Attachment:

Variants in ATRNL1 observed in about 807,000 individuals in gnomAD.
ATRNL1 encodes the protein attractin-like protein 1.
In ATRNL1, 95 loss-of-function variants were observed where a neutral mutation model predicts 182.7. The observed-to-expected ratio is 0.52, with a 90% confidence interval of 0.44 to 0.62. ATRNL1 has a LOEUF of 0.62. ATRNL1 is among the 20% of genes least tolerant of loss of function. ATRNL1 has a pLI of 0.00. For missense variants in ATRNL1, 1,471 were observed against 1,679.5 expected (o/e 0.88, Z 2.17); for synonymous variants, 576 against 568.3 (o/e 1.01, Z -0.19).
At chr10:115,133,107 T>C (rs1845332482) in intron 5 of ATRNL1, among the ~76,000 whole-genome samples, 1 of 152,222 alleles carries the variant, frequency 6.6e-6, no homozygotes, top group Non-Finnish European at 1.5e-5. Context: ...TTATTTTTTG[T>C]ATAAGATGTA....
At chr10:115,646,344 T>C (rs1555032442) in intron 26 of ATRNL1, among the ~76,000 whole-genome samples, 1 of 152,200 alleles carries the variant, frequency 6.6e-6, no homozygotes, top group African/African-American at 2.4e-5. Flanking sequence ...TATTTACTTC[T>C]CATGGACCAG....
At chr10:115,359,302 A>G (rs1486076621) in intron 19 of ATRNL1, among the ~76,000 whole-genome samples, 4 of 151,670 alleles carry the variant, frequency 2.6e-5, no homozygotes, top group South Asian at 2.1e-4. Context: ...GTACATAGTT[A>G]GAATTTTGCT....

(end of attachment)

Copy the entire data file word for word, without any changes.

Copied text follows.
Variants in ATRNL1 observed in about 807,000 individuals in gnomAD.
ATRNL1 encodes the protein attractin-like protein 1.
In ATRNL1, 95 loss-of-function variants were observed where a neutral mutation model predicts 182.7. The observed-to-expected ratio is 0.52, with a 90% confidence interval of 0.44 to 0.62. ATRNL1 has a LOEUF of 0.62. ATRNL1 is among the 20% of genes least tolerant of loss of function. ATRNL1 has a pLI of 0.00. For missense variants in ATRNL1, 1,471 were observed against 1,679.5 expected (o/e 0.88, Z 2.17); for synonymous variants, 576 against 568.3 (o/e 1.01, Z -0.19).
At chr10:115,133,107 T>C (rs1845332482) in intron 5 of ATRNL1, among the ~76,000 whole-genome samples, 1 of 152,222 alleles carries the variant, frequency 6.6e-6, no homozygotes, top group Non-Finnish European at 1.5e-5. Context: ...TTATTTTTTG[T>C]ATAAGATGTA....
At chr10:115,646,344 T>C (rs1555032442) in intron 26 of ATRNL1, among the ~76,000 whole-genome samples, 1 of 152,200 alleles carries the variant, frequency 6.6e-6, no homozygotes, top group African/African-American at 2.4e-5. Flanking sequence ...TATTTACTTC[T>C]CATGGACCAG....
At chr10:115,359,302 A>G (rs1486076621) in intron 19 of ATRNL1, among the ~76,000 whole-genome samples, 4 of 151,670 alleles carry the variant, frequency 2.6e-5, no homozygotes, top group South Asian at 2.1e-4. Context: ...GTACATAGTT[A>G]GAATTTTGCT....